But Kwiatkowski, along with citizen scientists and horticulturists at the historic cemetery that straddles parts of Cambridge and Watertown, are working on an ongoing project to help breed, introduce and preserve luna butterflies to the cemetery landscape.
Kwiatkowski said he saw luna moths when he was growing up in Spencer, but he didn’t see any in Mount Auburn or eastern Massachusetts.
“They’re not endangered, but they’re rare in urban areas,” Kwiatkowski said. “They are more likely to be seen in rural areas.”
Kwiatkowski said a Mount Auburn citizen science volunteer with a passion for moths and experience in breeding them first approached him in 2020 with the proposal to release luna moths and cecropia – another large species of colorful moth – at Mount Auburn Cemetery, but the idea for the project was shelved until 2021 due to the pandemic.
The purpose of the Moth Project is to create breeding populations that allow visitors to see luna and cecropia butterflies at the cemetery in late spring and early summer.
“It’s a wonderful experience for visitors,” Kwiatkowski said. “And that increases species diversity at Mount Auburn.”
Luna moths are also part of the food web, Kwiatkowski explained. Animals including birds, bats, frogs, hornets and beetles feed on caterpillars and adults.
Matthew Stephens, president and CEO of Mount Auburn Cemetery, added that while Mount Auburn is an active cemetery, it should also be considered a place to live.
“People walking, old trees, moths and other wildlife,” Stephens said. “We work hard to position Mount Auburn as a cultural institution – a place people seek refuge, to have a moment to escape chaos or reality, and be inspired by the miraculous in nature.”
Kwiatkowski said Mount Auburn Cemetery is an important green space in an urban setting, and currently has several field projects underway, including a habitat restoration project, a citizen science naturalist program, and the reintroduction of several species of vernal pool breeding frogs and toads to the cemetery.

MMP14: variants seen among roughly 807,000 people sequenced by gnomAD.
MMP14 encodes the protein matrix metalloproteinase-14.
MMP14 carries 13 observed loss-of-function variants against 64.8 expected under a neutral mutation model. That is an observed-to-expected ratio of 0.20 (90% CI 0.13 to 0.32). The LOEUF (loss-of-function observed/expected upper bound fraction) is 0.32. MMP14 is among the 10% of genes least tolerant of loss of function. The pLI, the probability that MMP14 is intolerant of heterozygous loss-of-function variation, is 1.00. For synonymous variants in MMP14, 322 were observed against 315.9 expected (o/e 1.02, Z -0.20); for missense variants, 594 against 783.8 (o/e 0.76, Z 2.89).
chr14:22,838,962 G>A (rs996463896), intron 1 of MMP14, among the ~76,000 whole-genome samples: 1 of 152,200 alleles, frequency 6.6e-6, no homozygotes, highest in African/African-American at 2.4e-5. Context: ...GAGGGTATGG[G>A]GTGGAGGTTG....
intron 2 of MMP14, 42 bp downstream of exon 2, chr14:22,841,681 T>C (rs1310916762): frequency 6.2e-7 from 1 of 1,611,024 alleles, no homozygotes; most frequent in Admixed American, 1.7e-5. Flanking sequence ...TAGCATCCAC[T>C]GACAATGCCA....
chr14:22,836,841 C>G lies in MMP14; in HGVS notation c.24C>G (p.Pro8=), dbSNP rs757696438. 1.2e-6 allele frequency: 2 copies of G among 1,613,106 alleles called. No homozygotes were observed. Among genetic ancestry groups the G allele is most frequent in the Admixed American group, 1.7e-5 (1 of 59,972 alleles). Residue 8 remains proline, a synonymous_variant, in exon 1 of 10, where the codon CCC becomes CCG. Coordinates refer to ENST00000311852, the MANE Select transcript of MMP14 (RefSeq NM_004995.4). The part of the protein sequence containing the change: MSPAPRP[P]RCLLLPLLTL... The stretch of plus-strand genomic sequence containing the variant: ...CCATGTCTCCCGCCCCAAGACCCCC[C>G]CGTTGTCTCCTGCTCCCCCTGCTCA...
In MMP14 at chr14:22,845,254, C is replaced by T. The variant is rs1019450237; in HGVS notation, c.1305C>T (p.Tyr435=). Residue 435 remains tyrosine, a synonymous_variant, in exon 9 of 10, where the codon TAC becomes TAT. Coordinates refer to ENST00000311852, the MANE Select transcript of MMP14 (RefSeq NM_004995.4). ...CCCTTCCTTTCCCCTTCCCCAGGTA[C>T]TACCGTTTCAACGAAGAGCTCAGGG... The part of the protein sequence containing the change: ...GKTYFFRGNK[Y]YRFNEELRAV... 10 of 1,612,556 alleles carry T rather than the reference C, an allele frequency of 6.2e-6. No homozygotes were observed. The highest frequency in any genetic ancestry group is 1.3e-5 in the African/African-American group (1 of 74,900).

“We can serve as a field space and living lab for schools, colleges and summer camps,” Kwiatkowski said.
Kwiatkowski said he is also engaged in ongoing discussions about the possible expansion of the luna moth project to the Fresh Pond reservation in Cambridge and the Middlesex Fells reservation in the northern suburbs of Boston.
Regarding the breeding of luna butterflies, Kwiatkowski said that after the chrysalis – the stage of development between caterpillars and adult butterflies – metamorphoses into adults, the female butterflies are put in cages where they release pheromones. that attract male luna moths.
The butterflies then mate at the edge of the cages. The females lay eggs in the cages, which the project team collects and places on the leaves of a host plant, in this case sweet gums in the yard of a Mount Auburn volunteer citizen scientist.
When the eggs hatch, the leaves containing the young caterpillars are removed, and these leaves are transported and clipped onto the leaves of the sweetgum trees at Mount Auburn Cemetery. The caterpillars, which are a bright lime green color with spikes on their backs, feed on sweetgum leaves throughout the summer and grow to about 2½ inches long. Kwiatkowski said luna moth caterpillars are also known to feed on the leaves of hickory, birch, red maple, white oak and sassafras.
“The caterpillars wrap themselves in a liquidambar leaf and fall to the ground, when all the tree leaves fall to the ground in autumn,” Kwiatkowski explained. “The pupal stage begins when the larva [caterpillars] wrapped themselves in a leaf from the tree and formed a cocoon by closing it and securing it with silk.
The pupae are then collected from the ground and placed in a wooden box to overwinter, Kwiatkowski said. The box provides protection from predators and resembles a bird box, which is attached to a post. In early spring, the pupae are moved into a protective cage, which is attached to the top of the wooden box on the post.
In late May and early June, adult luna butterflies emerge from the pupa, mate and lay eggs, and the butterfly life cycle begins again.
Both female and male luna moths die about five to seven days after emerging from the pupa, Kwiatkowski explained. They do not have functional mouthparts, so they cannot feed. They mate and reproduce, then they die.
It seems sad that such a beautiful creature has such a fleeting existence. But Stephens said he really liked this aspect of the moon butterfly’s life cycle.
“Luna Butterflies exist for a fleeting moment,” Stephens said. “It’s something that matches the ups and downs of life that remind us of working in an active graveyard – you never know what tomorrow might bring.”
Don Lyman is a biologist, freelance science journalist, and hospital pharmacist who lives north of Boston. Send your suburban nature and wildlife questions to [email protected].